Prepping for tonight's GOP debate with Megyn Kelly of Fox News
The anchor of FNC's daytime "America Live" news show, is preparing to grill GOP candidates as part of the panel for the Fox News/Google GOP Debate, starting at 6 p.m. Pacific on Thursday, Sept. 22.
"The most challenging part of this process," Kelly says on the phone while driving home from work earlier this week, "has been the two-hour meetings we have in the morning from 11 a.m. to 1 p.m., because none of of my colleagues has a 1 p.m. show.
"Honestly, you should see my morning -- wake up, feed my baby, take care of my son, try to get my house in order, try to get my kids in order, get out of the house, get to the office, do two hours worth of debate prep, try to squeeze in enough prep for the 10 guest interviews I have to do between 1 p.m and 3 p.m."
Before Kelly turned to journalism, joining FNC in 2004, she earned a B.A. in....
On Thursday, she checks off another box, joining in for the first time with debate veterans and FNC anchors Bret Baier and Chris Wallace for the Orlando event, co-sponsored by the Republican Party of Florida.
"I was very excited to be asked," she says, "and honored, to be honest. The absence of women in most of the debates, as far as the actual network-news teams go, had not gone unnoticed by me. I credit my boss [Roger Ailes] for looking at his team with open eyes and recognizing that a woman might have something to add to these debates ... and I do."
The partnership with Google and its subsidiary YouTube means the debate will include video and text questions from citizens, submitted here through Tuesday.
Click here for a YouTube blog entry that offers some details on what users want to know and who they want to know it from.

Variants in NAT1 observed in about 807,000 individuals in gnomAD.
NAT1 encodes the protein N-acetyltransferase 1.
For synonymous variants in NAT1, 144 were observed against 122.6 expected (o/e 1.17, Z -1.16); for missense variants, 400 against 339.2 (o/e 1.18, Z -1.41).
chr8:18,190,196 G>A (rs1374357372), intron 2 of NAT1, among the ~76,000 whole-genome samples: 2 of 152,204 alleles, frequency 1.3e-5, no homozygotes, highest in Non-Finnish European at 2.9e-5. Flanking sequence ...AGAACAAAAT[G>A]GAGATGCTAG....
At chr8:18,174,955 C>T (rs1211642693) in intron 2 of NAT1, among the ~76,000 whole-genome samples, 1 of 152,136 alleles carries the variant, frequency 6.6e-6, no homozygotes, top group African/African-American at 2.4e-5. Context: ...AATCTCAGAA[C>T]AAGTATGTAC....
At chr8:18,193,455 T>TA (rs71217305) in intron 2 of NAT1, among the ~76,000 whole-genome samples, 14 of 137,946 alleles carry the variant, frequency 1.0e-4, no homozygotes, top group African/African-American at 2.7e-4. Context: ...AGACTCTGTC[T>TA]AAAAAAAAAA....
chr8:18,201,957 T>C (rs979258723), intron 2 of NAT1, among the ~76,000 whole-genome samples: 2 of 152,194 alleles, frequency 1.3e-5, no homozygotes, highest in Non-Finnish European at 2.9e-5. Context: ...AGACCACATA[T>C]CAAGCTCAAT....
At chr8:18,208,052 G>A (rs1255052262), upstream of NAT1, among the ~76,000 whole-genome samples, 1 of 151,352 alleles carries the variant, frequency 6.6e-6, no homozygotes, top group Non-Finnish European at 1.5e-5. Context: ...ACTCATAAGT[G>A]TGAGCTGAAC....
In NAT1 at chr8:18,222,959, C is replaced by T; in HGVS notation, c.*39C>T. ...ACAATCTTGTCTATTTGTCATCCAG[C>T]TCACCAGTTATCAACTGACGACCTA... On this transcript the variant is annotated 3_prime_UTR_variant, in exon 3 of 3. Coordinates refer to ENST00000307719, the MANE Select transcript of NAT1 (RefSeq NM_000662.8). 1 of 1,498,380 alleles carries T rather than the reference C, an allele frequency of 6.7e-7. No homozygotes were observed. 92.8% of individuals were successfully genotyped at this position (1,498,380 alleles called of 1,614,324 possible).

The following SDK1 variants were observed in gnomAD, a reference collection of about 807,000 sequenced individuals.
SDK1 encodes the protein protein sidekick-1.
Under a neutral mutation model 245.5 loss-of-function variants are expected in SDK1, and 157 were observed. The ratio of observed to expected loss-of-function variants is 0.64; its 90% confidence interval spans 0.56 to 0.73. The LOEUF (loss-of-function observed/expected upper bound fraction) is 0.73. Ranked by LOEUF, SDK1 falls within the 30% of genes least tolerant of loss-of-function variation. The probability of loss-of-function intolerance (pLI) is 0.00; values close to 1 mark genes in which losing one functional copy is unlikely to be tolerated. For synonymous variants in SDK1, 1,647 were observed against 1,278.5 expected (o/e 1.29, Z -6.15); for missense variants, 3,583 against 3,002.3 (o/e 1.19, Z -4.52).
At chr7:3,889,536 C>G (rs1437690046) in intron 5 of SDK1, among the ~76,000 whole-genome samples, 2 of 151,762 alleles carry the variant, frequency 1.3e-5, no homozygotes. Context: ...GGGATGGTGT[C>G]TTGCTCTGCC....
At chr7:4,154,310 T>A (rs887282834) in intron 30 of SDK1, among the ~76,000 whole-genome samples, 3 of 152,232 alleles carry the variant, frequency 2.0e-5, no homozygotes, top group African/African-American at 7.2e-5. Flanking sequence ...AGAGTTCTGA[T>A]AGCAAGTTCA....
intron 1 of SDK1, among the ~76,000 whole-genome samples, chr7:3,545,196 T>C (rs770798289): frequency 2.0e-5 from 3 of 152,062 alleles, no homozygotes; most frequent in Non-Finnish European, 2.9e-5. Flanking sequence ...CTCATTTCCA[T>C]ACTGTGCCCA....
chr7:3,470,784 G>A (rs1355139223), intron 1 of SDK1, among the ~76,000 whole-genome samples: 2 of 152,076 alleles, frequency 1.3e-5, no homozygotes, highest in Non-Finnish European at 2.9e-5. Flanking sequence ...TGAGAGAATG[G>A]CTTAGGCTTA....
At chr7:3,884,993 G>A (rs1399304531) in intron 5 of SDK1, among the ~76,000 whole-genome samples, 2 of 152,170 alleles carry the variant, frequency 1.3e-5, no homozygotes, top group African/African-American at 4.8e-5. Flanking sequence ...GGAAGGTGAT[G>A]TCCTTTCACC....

The public feedback is also helpful to FNC in other ways.
"We're letting [YouTube and Google] be our guide," says Kelly, "in trying to cut down the subject matters, because they can tell us what has the most interest online. They've helped us in terms of selecting what was the most interesting topic and what had the most hits online."
Asked what the criteria are for choosing user-submitted questions, Kelly says: "There has been no magic formula. We have a team that goes through them, both the text and the video questions, and then they get circulated. Somebody is responsible for culling out the most salient, the most interesting, the most provocative, and they will circulate those around, and they'll be listed by topic.
"If it's in one of my areas, I'll pay particular attention to it. They have to be very good questions, because if you include a YouTube question or a text question in your section, you will be killing one of your own questions. So you have to like the viewer's question more than you like your own question, and when you're dealing with three anchors, you know how that goes.
"So we've been getting great questions. If anything, we have too many from YouTube that we want to use. People have done a great job of taking it seriously. Some have even redone it. They submit it, and they resubmit it, and you see they've improved the lighting and the wording. They get through the second time, whereas maybe they didn't the first."
Although a journalist's job is to ask questions, Kelly says she doesn't mind letting ordinary folks pitch in.